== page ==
HSAs are not “use it or lose it,” like flexible spending arrangements (FSAs). All amounts in the HSA are fully vested (see "21: Employment-Based and Individual Longevity Risk Management"), and unspent balances in an account remain in the account until they are spent. The objective of the HSAs is to encourage account holders to spend their funds more wisely on their medical care and to shop around for the best value for their health care dollars. The idea is to allow the accounts to grow like IRAs (see "21: Employment-Based and Individual Longevity Risk Management"). Rollovers from HSAs are permitted, but only once per year and within sixty days of termination from the plan.

    A survey by the Employee Benefit Research Institute (EBRI; featured in the box “What Is the Tradeoff between Health Care Costs and Benefits?”) pointed out that owners of HSAs are less satisfied than those in comprehensive health care plans. They also found that the owners delay seeking care and are making cost-conscious decisions as intended, but lack of information makes those decisions very difficult.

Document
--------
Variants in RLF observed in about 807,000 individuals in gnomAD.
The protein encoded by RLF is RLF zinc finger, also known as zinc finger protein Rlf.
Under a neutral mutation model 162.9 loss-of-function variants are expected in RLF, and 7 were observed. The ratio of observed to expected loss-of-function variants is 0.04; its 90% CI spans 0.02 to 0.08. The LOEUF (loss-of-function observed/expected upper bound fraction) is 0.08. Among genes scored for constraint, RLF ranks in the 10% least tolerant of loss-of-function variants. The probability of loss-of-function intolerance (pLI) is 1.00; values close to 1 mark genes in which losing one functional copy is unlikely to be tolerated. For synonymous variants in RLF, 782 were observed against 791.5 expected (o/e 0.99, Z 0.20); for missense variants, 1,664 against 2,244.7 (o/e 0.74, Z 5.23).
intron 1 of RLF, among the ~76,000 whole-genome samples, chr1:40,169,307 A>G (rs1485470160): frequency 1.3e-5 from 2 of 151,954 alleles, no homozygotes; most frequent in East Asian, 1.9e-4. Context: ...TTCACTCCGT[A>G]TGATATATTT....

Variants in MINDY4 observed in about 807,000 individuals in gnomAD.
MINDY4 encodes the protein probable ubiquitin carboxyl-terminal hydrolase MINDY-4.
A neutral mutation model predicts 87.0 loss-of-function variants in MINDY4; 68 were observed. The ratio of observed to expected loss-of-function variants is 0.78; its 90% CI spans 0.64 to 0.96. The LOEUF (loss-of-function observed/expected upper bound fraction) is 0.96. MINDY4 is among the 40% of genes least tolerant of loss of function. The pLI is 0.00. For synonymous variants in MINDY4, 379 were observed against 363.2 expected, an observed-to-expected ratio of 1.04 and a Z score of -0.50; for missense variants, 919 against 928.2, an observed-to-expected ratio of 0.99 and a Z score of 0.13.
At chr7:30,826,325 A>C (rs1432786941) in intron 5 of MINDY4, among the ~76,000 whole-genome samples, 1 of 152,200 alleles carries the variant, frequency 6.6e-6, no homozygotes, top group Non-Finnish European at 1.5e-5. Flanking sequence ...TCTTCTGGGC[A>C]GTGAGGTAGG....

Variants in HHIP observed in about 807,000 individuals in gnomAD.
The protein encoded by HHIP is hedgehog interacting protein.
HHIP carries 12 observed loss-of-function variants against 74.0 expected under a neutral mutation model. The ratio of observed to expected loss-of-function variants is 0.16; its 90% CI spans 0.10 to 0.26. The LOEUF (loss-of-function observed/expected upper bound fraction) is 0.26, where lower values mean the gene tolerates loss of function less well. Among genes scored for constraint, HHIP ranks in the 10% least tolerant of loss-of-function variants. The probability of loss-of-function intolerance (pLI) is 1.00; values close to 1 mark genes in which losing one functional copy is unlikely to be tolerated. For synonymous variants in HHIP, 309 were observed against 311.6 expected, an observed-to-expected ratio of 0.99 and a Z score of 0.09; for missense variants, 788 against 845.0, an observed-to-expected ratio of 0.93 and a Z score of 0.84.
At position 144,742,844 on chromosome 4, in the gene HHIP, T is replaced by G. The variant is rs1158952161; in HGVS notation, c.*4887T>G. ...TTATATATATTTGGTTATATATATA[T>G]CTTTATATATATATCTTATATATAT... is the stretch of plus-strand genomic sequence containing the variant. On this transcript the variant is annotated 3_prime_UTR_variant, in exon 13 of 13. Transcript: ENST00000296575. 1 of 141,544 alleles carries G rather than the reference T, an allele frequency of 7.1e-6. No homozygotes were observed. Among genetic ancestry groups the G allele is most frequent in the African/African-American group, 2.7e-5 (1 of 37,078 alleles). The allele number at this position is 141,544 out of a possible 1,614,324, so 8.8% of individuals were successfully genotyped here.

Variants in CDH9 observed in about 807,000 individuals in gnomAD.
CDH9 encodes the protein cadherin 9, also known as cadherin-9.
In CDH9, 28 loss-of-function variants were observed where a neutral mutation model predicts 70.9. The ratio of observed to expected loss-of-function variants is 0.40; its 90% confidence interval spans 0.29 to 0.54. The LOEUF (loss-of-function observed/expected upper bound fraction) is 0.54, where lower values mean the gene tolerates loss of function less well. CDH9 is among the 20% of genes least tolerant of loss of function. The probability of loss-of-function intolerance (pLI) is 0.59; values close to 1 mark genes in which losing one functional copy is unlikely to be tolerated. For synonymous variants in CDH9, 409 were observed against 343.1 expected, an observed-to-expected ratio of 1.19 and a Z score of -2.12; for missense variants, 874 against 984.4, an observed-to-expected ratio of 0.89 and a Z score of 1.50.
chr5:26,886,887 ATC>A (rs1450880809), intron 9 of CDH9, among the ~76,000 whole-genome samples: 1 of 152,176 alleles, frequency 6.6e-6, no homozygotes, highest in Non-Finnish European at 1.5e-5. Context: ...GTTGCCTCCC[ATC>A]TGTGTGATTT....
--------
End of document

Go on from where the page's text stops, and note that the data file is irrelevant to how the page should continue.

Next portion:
The Wall Street Journal reported in its February 2, 2006, issue that many large employers are adopting the HSAs for their employees. They regard it as giving the employees an opportunity to open a tax-free account. Among the companies that offer HSAs to their U.S. workers are Microsoft Corporation, Fujitsu Ltd., Nokia Inc., General Motors Corporation, and DaimlerChrysler.Sarah Rubenstein, “Is an HSA Right for You? President Proposes Sweetening Tax Incentives As More Companies Offer Latest Health Benefit,” Wall Street Journal Online, February 2, 2006, online.wsj.com/public/article/SB113884412224162775-jMcNHLtKsbwT1_WhQ90yKd2FDfg_20070201.html?mod=rss_free (accessed April 22, 2009). Most major banks offer HSA services.

    Health Reimbursement Arrangements